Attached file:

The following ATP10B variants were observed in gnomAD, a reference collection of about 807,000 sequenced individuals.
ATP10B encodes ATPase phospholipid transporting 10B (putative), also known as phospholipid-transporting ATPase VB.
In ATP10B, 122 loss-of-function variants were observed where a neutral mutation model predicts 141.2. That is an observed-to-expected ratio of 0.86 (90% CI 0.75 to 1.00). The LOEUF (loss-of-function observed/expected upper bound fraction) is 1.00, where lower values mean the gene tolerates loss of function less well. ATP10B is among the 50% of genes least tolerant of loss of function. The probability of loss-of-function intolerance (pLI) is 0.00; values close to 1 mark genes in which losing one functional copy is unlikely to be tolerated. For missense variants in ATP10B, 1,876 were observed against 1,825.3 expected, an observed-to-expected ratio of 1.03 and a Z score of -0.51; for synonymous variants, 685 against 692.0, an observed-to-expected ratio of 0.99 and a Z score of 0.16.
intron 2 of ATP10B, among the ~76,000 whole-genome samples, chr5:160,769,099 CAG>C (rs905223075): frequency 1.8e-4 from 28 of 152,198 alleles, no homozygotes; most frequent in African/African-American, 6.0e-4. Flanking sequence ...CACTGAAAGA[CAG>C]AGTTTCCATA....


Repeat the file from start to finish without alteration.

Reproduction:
The following ATP10B variants were observed in gnomAD, a reference collection of about 807,000 sequenced individuals.
ATP10B encodes ATPase phospholipid transporting 10B (putative), also known as phospholipid-transporting ATPase VB.
In ATP10B, 122 loss-of-function variants were observed where a neutral mutation model predicts 141.2. That is an observed-to-expected ratio of 0.86 (90% CI 0.75 to 1.00). The LOEUF (loss-of-function observed/expected upper bound fraction) is 1.00, where lower values mean the gene tolerates loss of function less well. ATP10B is among the 50% of genes least tolerant of loss of function. The probability of loss-of-function intolerance (pLI) is 0.00; values close to 1 mark genes in which losing one functional copy is unlikely to be tolerated. For missense variants in ATP10B, 1,876 were observed against 1,825.3 expected, an observed-to-expected ratio of 1.03 and a Z score of -0.51; for synonymous variants, 685 against 692.0, an observed-to-expected ratio of 0.99 and a Z score of 0.16.
intron 2 of ATP10B, among the ~76,000 whole-genome samples, chr5:160,769,099 CAG>C (rs905223075): frequency 1.8e-4 from 28 of 152,198 alleles, no homozygotes; most frequent in African/African-American, 6.0e-4. Flanking sequence ...CACTGAAAGA[CAG>C]AGTTTCCATA....